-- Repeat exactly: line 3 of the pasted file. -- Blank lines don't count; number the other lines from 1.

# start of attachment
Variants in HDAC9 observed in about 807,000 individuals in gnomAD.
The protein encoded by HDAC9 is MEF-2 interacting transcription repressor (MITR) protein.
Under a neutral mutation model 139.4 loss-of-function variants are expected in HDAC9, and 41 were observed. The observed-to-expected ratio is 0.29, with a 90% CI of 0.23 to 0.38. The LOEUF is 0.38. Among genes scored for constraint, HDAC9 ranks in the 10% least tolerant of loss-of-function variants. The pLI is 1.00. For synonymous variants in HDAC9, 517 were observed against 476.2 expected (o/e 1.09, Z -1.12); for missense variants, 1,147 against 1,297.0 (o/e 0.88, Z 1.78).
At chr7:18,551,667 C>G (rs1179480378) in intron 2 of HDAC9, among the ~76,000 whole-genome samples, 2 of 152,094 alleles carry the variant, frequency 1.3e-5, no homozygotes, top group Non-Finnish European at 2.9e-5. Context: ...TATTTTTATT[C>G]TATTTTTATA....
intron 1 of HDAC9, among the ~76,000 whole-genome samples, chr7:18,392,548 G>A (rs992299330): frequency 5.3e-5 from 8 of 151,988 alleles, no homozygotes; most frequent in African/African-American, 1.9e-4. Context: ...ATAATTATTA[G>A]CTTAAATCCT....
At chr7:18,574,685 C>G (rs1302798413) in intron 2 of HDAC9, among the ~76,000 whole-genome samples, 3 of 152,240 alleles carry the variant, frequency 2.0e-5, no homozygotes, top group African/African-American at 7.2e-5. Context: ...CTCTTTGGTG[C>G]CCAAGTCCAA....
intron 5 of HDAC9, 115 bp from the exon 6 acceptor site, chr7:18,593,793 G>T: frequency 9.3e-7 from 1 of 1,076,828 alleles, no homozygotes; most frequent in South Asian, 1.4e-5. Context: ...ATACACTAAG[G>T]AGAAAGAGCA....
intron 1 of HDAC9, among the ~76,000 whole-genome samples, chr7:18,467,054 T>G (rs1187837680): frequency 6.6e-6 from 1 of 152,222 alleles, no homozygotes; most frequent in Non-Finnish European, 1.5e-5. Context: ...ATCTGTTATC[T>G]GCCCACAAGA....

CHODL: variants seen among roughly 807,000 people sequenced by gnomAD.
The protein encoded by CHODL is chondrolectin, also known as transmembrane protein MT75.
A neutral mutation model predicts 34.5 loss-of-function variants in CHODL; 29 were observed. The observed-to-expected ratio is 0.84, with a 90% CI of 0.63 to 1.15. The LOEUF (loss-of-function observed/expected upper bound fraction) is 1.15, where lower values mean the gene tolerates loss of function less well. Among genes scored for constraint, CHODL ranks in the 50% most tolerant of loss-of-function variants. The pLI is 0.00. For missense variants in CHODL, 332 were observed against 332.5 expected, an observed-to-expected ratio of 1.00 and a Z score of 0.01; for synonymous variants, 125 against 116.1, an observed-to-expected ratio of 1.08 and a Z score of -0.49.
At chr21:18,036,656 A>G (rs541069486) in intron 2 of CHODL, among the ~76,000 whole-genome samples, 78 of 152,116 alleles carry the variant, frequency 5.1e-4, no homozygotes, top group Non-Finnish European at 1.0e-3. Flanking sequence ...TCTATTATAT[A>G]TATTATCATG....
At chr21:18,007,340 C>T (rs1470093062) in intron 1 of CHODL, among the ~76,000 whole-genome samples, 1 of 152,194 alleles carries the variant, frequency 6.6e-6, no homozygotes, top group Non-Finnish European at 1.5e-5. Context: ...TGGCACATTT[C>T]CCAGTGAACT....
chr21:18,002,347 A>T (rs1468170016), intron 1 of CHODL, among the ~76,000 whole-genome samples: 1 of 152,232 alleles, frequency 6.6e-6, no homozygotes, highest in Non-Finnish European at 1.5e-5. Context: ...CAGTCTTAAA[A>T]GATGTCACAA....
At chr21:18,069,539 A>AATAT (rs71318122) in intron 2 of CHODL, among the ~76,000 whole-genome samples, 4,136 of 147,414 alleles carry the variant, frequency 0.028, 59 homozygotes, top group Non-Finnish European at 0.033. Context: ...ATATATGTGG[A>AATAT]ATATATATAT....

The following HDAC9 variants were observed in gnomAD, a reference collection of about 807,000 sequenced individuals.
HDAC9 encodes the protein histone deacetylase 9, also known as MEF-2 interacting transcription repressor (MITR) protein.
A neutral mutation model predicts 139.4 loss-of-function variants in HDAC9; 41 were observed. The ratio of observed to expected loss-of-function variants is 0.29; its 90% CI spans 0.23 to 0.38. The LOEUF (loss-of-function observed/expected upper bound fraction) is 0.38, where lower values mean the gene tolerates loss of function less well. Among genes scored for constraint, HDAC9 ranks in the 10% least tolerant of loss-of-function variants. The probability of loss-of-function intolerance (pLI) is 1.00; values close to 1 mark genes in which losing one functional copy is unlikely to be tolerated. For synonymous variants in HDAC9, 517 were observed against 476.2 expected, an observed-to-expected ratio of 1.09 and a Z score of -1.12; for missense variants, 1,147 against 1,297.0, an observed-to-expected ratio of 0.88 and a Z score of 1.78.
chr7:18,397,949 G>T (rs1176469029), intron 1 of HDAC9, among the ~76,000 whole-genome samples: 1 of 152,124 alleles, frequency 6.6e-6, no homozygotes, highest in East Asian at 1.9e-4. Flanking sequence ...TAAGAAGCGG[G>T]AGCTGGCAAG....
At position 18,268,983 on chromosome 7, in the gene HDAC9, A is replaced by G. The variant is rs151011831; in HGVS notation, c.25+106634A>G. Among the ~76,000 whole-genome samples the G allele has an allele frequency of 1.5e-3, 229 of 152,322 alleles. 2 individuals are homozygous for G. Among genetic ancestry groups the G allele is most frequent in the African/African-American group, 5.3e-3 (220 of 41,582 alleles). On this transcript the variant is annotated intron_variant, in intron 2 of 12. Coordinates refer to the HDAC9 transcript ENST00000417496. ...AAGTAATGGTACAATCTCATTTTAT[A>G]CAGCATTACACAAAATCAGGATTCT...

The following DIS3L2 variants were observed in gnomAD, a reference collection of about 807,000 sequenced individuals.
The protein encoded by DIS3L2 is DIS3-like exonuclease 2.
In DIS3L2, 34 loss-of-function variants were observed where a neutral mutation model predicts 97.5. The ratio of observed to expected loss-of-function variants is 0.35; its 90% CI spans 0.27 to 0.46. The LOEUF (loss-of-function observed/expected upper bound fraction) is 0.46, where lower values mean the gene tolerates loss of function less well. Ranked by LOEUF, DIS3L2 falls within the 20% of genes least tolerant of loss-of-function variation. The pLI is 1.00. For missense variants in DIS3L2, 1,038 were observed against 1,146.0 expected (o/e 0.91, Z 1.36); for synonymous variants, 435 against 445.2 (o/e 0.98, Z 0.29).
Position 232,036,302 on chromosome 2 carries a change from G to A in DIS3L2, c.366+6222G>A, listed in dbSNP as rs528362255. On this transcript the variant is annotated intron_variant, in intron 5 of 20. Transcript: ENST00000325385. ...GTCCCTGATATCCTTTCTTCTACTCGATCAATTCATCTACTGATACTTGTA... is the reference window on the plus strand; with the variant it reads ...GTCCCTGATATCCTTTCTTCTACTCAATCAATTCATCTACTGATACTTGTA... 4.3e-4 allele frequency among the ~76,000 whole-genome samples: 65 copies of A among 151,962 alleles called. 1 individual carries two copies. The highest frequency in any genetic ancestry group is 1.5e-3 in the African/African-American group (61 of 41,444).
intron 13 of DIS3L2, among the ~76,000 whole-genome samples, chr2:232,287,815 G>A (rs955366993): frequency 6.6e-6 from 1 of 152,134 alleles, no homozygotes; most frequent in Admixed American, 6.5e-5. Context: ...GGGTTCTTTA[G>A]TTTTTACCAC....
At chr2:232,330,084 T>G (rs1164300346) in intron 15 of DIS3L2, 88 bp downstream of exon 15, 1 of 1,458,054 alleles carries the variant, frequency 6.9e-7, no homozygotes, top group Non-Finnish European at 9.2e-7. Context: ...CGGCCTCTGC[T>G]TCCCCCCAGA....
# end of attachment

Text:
Under a neutral mutation model 139.4 loss-of-function variants are expected in HDAC9, and 41 were observed. The observed-to-expected ratio is 0.29, with a 90% CI of 0.23 to 0.38. The LOEUF is 0.38. Among genes scored for constraint, HDAC9 ranks in the 10% least tolerant of loss-of-function variants. The pLI is 1.00. For synonymous variants in HDAC9, 517 were observed against 476.2 expected (o/e 1.09, Z -1.12); for missense variants, 1,147 against 1,297.0 (o/e 0.88, Z 1.78).